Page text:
The high-performance, 62,000-rpm spindle motor software control is designed to extend the motor's life by controlling how fast it ramps up and down when cutting.

The S62 comes with CircuitCAM and BoardMaster software, which can be used by itself or in conjunction with most CAD and pc-board creation programs. LPKF's software accepts formats such as Gerber, GerberX, DXF, HP-GL, ODB++, and Excellon.

Creation of both single and multilayer boards is possible with the S62. An optional fiducial recognition camera system automates front-to-back and multilayer alignment by locating fiducials embedded in a board design. The ProConduct technology provides plated through-hole support for double or multilayer boards.

The ProConduct system is designed to create plated through holes without resorting to electroplating. The approach starts by applying an adhesive foil to both sides of a board and then drilling the holes that will be plated (Fig. 4). Application of a conductive epoxy paste follows in a method of placing the board on a vacuum table, applying the paste, and pressing it through the holes (Fig. 5). This occurs for both sides of the board. After that, the foil on both sides is removed (Fig. 6).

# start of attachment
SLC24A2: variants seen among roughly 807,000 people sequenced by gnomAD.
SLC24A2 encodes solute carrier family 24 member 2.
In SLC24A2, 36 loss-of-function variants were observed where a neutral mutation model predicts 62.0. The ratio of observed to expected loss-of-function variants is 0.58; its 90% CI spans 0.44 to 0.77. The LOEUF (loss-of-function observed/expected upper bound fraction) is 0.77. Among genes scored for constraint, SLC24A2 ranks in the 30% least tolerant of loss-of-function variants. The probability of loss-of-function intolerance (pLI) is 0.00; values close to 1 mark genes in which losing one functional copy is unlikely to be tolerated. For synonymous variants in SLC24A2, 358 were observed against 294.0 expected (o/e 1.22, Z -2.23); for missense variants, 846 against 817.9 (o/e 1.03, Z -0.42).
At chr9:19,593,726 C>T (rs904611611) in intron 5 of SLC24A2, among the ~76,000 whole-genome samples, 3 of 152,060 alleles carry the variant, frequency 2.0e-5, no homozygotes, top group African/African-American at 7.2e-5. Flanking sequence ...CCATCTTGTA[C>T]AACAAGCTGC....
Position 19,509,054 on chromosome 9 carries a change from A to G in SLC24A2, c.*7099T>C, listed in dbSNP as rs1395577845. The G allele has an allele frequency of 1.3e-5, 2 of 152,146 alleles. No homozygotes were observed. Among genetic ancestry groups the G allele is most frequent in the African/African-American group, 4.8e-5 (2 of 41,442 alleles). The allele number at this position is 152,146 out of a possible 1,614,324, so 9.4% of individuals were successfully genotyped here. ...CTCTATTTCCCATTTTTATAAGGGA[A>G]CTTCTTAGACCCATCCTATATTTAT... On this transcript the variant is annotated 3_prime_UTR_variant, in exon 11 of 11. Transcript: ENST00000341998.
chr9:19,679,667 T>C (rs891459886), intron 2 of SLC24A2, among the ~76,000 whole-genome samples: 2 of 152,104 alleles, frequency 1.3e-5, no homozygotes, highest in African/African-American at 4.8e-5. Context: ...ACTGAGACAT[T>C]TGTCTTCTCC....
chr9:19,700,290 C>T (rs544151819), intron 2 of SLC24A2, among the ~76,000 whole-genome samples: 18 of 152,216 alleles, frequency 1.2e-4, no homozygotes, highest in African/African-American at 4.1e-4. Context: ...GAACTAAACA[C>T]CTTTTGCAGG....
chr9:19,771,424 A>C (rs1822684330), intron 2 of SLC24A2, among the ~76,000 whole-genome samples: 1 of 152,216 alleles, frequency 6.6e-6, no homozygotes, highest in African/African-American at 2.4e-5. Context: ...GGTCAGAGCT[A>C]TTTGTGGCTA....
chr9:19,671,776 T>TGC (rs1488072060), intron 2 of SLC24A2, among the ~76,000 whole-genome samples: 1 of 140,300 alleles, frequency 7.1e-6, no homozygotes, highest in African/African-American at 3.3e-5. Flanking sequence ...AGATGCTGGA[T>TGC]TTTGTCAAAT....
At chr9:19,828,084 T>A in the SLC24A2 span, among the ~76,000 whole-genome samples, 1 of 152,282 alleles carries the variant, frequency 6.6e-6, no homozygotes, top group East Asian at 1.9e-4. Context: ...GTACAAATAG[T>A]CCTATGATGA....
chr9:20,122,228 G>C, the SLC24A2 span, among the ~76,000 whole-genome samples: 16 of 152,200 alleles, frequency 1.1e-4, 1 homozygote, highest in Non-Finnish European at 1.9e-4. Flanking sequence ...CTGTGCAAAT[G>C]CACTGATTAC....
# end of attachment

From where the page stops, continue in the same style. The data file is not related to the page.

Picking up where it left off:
Next, the board is placed in an oven for about half an hour (Fig. 7). At this point, the board can be populated. The conductivity of hole plating is nearly as good as the electroplated approach, and ProConduct is significantly cleaner and easier to use. Typical resistance is 20 to 60 m(omega). The minimum size hole is 0.3 mm.

Plated through holes for multilayer boards are done in the same fashion as double-layer boards. However, the layers are stacked before the adhesive foil is applied.

The basic S62, including cabinet and tool change, costs just under $18,900 in North America. The optional automatic fiducial camera system and vacuum table are $4200 and $1750, respectively. The complete system comes in under $25,000. ProConduct starts at under $4000.

While the price is a bit high for very small operations, it's a bargain for designers who regularly prototype systems or generate small runs of custom boards. It also lets designers experiment and quickly fix errors with a new board instead of trying to patch a bad design.

Additionally, the S62 can be used to customize boards that it creates or boards from conventional pc-board processes. With custom boards, the S62 would be programmed to copper from only part of the board. This approach is very useful in customizing RF boards, allowing vendors to maintain a smaller inventory of a basic board design.

Firms that create prototypes will be interested in the S62 for small runs and fast turnaround. The process can be managed by any trained technician or even by the board designer. Further, this new approach makes it possible to try out one or more prototypes per day instead of one every two days. In fact, it is often possible to get a board done in the time it takes to process an invoice in may companies.

LPKF Laser and Electronics